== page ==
Fracture Risk and Bone Mineral Density Reduction Associated with Proton Pump Inhibitors

Yuen Ting Lau, Pharm.D.; Nasiya N. Ahmed, M.D.

Disclosures

Pharmacotherapy. 2012;32(1):67-79. 

In This Article

Literature Search

We searched the MEDLINE and EMBASE databases to identify all relevant studies published in the English language between 1980 and February 2011. The following medical subject heading (MeSH) terms were used to identify studies on PPIs, all combined with the Boolean "OR" operator: proton pumps, proton pump inhibitors, antiulcer agents, and omeprazole. The following MeSH terms were used to identify studies on fracture risk and BMD reduction, all combined with the Boolean "OR" operator: bone fractures, hip fractures, osteoporosis, and bone density. We then combined these two searches by using the Boolean "AND" operator. Studies that compared fracture risk or BMD reduction between PPI users and nonusers or between current and past PPI users were selected. The references of all selected studies were manually searched for any additional studies. We also identified one article that was published online ahead of print from electronic alerts of medical journals.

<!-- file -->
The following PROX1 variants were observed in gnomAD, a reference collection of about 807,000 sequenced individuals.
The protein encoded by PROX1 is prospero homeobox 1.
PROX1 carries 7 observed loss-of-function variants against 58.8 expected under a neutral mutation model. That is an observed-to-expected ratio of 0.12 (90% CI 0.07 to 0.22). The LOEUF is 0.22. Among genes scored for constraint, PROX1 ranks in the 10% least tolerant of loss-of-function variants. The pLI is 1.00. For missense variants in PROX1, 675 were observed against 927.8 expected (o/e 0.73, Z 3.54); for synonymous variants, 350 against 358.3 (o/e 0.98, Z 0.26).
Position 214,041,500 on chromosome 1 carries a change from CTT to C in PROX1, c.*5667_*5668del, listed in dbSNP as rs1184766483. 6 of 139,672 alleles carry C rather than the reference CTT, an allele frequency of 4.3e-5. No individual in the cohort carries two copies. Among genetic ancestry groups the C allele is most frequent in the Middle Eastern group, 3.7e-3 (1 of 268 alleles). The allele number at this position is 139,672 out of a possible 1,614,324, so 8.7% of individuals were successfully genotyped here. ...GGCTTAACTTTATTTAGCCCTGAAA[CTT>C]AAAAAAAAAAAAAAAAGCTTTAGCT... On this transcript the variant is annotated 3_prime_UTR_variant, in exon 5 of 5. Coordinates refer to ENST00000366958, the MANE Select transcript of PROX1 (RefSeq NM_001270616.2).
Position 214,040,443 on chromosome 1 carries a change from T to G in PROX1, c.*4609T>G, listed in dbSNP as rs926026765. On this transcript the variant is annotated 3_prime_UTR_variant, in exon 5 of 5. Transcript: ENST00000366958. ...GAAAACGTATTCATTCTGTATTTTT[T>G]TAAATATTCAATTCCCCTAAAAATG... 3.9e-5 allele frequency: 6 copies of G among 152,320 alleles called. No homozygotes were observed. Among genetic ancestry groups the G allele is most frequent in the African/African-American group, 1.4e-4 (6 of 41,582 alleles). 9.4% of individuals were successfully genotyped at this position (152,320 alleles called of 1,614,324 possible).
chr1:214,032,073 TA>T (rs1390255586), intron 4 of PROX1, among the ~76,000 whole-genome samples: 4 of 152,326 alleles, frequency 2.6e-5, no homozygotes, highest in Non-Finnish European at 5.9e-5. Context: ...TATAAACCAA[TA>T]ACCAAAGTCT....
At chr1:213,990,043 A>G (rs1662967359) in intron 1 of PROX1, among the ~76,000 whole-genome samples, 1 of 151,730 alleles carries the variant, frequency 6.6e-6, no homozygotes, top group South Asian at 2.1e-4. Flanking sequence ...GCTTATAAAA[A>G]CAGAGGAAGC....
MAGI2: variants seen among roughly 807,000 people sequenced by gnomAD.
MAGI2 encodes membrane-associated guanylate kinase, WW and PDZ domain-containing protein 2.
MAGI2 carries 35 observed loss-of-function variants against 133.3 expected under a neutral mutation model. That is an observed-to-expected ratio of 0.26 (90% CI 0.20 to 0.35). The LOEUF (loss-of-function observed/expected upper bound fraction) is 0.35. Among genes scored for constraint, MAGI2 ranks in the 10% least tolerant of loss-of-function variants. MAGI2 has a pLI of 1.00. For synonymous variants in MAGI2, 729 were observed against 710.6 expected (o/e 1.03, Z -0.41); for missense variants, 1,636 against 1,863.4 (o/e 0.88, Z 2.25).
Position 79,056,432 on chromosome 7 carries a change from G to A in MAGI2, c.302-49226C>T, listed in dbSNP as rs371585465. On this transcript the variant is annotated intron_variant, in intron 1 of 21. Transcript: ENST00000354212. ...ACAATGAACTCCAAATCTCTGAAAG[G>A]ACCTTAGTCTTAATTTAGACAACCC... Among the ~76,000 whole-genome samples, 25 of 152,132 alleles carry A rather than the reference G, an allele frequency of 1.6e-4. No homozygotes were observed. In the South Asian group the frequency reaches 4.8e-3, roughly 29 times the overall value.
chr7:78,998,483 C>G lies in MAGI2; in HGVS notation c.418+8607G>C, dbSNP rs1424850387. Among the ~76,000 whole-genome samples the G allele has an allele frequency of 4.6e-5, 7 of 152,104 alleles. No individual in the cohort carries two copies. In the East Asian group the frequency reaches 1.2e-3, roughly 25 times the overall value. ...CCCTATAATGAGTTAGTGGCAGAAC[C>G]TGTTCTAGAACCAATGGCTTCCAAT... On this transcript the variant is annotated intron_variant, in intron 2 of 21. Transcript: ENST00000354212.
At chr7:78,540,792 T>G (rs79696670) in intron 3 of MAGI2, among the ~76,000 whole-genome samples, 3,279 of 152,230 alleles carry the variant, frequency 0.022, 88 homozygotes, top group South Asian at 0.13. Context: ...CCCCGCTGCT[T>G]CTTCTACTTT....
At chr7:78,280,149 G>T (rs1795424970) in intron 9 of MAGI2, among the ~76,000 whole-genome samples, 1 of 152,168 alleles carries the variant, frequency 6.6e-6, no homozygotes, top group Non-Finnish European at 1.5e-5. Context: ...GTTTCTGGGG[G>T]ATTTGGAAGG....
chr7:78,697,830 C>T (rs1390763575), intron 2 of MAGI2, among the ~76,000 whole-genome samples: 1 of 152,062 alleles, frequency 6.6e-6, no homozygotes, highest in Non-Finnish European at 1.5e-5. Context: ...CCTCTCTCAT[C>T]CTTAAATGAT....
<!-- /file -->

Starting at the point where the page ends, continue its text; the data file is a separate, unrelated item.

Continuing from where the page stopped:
The literature search identified 17 potentially relevant articles for full-text assessment. Three of these articles were excluded, including one study that limited the study population to patients undergoing hemodialysis (Figure 1).[4] The remaining 14 articles compared the risk of BMD reduction or fracture between PPI users and nonusers or between current and past PPI users and consisted of eight case–control studies and six cohort studies.[5–18] Nine studies evaluated cumulative or continuous exposure of PPI for more than 1 year, providing data on prolonged PPI use. Among the 14 studies, fracture risk was evaluated in the hip in 11 studies, vertebrae in five, and wrist in three; the effect of PPI use on BMD was evaluated in three studies. Eight studies[5,7,8,9,10,15,16,17] found an increased fracture risk at the hip, five studies[8,11,13,14,17] found an increased fracture risk at the spine, and one study[11] found an increased fracture risk at the wrist; however, none of the three studies on BMD found a consistent change in BMD associated with PPIs. A dose-response relationship measured by cumulative duration or doses was demonstrated in 4 of 10 studies. Four of five studies also showed that increasing daily dose increased the risk of fracture. Table 1[5–17] and Table 2[11,12,18] summarize the results of the studies that evaluated the risks of fracture and BMD reduction associated with PPIs.

Figure 1.

Flow diagram of the study selection process.

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